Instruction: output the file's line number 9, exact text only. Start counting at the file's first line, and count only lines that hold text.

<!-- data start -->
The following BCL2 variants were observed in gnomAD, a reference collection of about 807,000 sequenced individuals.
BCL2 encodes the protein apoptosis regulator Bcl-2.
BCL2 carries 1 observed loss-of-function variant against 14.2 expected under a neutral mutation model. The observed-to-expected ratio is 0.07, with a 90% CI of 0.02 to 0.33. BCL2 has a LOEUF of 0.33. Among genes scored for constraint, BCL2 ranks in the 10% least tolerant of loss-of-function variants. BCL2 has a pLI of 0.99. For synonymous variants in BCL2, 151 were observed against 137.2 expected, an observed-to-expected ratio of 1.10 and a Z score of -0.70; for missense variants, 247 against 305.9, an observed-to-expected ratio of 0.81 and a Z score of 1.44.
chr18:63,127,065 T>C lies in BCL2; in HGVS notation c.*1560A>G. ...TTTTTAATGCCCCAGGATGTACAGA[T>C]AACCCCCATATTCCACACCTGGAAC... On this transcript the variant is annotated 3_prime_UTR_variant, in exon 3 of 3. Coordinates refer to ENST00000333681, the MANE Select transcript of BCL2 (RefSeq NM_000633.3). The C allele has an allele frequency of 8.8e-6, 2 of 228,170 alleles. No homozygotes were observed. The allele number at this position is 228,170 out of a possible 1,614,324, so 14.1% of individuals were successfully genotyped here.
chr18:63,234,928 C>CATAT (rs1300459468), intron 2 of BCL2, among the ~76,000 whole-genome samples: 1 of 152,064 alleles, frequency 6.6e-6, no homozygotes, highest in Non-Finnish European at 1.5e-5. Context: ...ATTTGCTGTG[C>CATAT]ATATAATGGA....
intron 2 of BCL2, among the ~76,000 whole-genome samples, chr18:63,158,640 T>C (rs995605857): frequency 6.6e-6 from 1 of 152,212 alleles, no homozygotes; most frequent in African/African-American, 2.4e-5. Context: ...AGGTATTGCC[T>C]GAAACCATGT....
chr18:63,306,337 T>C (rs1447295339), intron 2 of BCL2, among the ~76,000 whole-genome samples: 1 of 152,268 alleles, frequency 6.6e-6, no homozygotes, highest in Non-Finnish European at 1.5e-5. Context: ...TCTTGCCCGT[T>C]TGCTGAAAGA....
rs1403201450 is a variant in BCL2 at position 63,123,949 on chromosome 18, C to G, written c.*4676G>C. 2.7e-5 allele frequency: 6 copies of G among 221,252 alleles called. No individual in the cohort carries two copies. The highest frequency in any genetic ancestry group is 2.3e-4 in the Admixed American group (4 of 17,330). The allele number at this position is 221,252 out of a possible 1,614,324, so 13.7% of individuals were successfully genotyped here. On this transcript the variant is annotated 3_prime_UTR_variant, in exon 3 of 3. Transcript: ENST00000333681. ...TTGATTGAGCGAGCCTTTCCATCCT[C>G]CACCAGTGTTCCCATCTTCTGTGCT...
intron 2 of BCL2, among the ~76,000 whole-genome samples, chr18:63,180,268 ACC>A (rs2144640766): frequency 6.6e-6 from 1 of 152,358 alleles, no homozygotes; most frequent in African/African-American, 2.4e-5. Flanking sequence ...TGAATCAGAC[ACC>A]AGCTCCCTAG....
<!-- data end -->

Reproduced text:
intron 2 of BCL2, among the ~76,000 whole-genome samples, chr18:63,180,268 ACC>A (rs2144640766): frequency 6.6e-6 from 1 of 152,358 alleles, no homozygotes; most frequent in African/African-American, 2.4e-5. Flanking sequence ...TGAATCAGAC[ACC>A]AGCTCCCTAG....